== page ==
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House and Senate conferees began meeting last week to reconcile their twin public safety and judiciary budget bills. Rep. Tony Cornish (left), R-Vernon Center, and Sen. Warren Limmer, R-Maple Grove, attended a committee meeting Friday, April 21. (Staff photo: Kevin Featherly)
House and Senate conferees began meeting last week to reconcile their twin public safety and judiciary budget bills. Rep. Tony Cornish (left), R-Vernon Center, and Sen. Warren Limmer, R-Maple Grove, attended a committee meeting Friday, April 21. (Staff photo: Kevin Featherly)

Is it OK to include policy provisions in a budget bill?

Minnesota Supreme Court Chief Justice Lorie Gildea last Thursday threw her personal gravitas behind her branch’s full $51 million 2018-19 budget-hike request. (Staff photo: Kevin Featherly)

Minnesota Supreme Court Chief Justice Lorie Gildea last Thursday threw her personal gravitas behind her branch’s full $51 million 2018-19 budget-hike request. (Staff photo: Kevin Featherly)

Supreme Court Justice Lorie Gildea last week made a precedent-busting appearance before a conference committee that, as it happens, later became embroiled in a constitutional skirmish.

House and Senate conferees began meeting last week to reconcile their twin public safety and judiciary budget bills.

On the second day of meetings Friday, one issue predominated: Is it proper to include a raft of policy provisions in a budget bill, as does the GOP House’s public safety omnibus bill? Or does that violate the Minnesota Constitution’s “single-subject” clause?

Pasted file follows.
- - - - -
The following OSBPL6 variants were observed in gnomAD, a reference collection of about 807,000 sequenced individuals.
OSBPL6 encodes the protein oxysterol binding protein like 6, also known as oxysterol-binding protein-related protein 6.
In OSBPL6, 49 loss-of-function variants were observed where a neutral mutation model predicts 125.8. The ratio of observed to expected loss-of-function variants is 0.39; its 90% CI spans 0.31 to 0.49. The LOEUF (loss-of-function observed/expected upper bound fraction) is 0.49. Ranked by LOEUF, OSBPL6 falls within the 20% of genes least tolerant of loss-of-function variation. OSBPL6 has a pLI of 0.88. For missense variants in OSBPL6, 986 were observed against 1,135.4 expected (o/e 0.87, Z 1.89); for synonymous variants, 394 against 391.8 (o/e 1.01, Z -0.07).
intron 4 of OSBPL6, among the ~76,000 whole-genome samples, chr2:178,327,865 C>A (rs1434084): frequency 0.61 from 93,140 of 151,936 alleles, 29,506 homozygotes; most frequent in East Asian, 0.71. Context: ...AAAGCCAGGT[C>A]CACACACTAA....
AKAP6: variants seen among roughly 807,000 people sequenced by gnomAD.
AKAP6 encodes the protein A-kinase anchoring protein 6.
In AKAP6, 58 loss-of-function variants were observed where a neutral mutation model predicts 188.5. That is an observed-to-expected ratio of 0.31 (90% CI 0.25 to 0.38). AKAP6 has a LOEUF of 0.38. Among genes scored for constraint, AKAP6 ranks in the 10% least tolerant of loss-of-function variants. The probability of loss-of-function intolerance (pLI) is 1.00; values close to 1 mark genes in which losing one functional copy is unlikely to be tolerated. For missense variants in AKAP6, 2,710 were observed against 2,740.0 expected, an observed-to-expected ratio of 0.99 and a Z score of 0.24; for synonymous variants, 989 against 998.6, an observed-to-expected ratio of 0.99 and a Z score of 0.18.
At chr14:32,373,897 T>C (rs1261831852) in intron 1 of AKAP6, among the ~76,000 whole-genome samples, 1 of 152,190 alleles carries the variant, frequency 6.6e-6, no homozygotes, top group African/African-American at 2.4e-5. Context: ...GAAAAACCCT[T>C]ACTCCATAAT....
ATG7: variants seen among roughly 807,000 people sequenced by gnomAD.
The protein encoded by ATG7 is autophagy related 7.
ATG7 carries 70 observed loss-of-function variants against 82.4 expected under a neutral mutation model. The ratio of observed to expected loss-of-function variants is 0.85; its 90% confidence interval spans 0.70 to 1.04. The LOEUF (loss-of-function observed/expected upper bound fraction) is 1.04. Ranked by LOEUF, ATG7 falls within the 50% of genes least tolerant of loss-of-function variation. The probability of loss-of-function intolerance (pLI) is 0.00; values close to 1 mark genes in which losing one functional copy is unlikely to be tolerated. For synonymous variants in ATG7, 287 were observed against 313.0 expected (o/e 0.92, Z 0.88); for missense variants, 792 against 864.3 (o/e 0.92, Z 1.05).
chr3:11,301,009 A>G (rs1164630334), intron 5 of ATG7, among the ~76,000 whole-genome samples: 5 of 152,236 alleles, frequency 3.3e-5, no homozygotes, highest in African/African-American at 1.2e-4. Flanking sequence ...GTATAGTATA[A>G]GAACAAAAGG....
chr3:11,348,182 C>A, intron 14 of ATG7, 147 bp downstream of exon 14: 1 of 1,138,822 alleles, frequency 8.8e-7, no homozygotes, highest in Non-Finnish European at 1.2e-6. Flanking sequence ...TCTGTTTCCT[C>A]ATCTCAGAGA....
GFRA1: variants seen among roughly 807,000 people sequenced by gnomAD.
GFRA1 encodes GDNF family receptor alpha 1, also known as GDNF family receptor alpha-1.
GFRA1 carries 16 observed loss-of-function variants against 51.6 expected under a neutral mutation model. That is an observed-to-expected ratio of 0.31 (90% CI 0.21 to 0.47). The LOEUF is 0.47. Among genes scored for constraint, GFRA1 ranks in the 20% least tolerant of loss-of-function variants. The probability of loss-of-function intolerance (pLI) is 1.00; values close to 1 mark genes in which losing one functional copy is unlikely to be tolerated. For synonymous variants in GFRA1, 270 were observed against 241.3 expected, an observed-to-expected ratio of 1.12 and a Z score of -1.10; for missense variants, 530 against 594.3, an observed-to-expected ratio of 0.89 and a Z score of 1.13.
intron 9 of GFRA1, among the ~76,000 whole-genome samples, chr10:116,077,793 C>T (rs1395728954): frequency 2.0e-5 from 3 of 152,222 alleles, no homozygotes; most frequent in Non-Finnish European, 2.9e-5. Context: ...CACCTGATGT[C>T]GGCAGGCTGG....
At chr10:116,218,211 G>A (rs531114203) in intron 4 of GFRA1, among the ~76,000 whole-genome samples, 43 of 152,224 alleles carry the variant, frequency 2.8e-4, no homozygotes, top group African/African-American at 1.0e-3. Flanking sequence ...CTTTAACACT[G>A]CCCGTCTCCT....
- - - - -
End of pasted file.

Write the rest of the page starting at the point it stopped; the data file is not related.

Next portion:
“When you mix 120 pages of policy with a budget bill, one might conclude that that is a violation of that principle,” said Sen. Warren Limmer, R-Maple Grove, the conference committee’s co-chair, in an interview Friday.

The subject arose while legislative staff read through side-by-side comparisons of the companion bills. The House’s $2.46 billion version contains numerous policy changes, including an increase in penalties for protesters on freeways, an anti-terrorism statute and a prohibition on stays of adjudication for felony criminal sex offenders, among many others.

With few exceptions, the upper chamber’s $2.40 billion bill lacks comparable policy provisions.

“I object to having any policy language in a budget bill at all,” said Sen. Ron Latz, DFL-St. Louis Park, one of the 10-member panel’s two Democrats. “I think it is a distortion of the process.”

Rep. Tony Cornish, R-Vernon Center, the House bill’s author, disputes that. “I don’t know where this rule or regulation ever came from, where you don’t have policy in finance,” Cornish told committee members Friday.

Limmer answered him. “It might be in our state constitution under the single-subject rule,” he said. The Senate has made a tradition of abiding by the rule, keeping policy and finance bills separate, he said.

Early in the session Gov. Mark Dayton asked legislative leadership to avoid mixing policy into finance bills. On April 20, he reiterated that stance, urging conferees in all budget divisions to “winnow out” as much policy as possible from existing bills and focus purely on budgets.

Cornish on Friday made clear that he has no such intention.

“The House provisions and the policy are very important to us and we are not going to back off of them,” he said. Cornish said he plans to take abundant supporting testimony on the House bill’s policy proposals as the conference committee process unfolds.

“Whenever I hold the gavel,” Cornish said, “be prepared to go to midnight.”

Common practice

In an interview later, Cornish said mixing policy and finance has been common practice at least since the time he was first elected in 2002.

“It’s a rule that they have never enforced before,” Cornish said. “So I don’t know why they are still pointing to that.”

He disagrees that the single-subject clause bars the Legislature from passing policy and budget provisions together. “I don’t believe that it applies to this whatsoever,” Cornish said.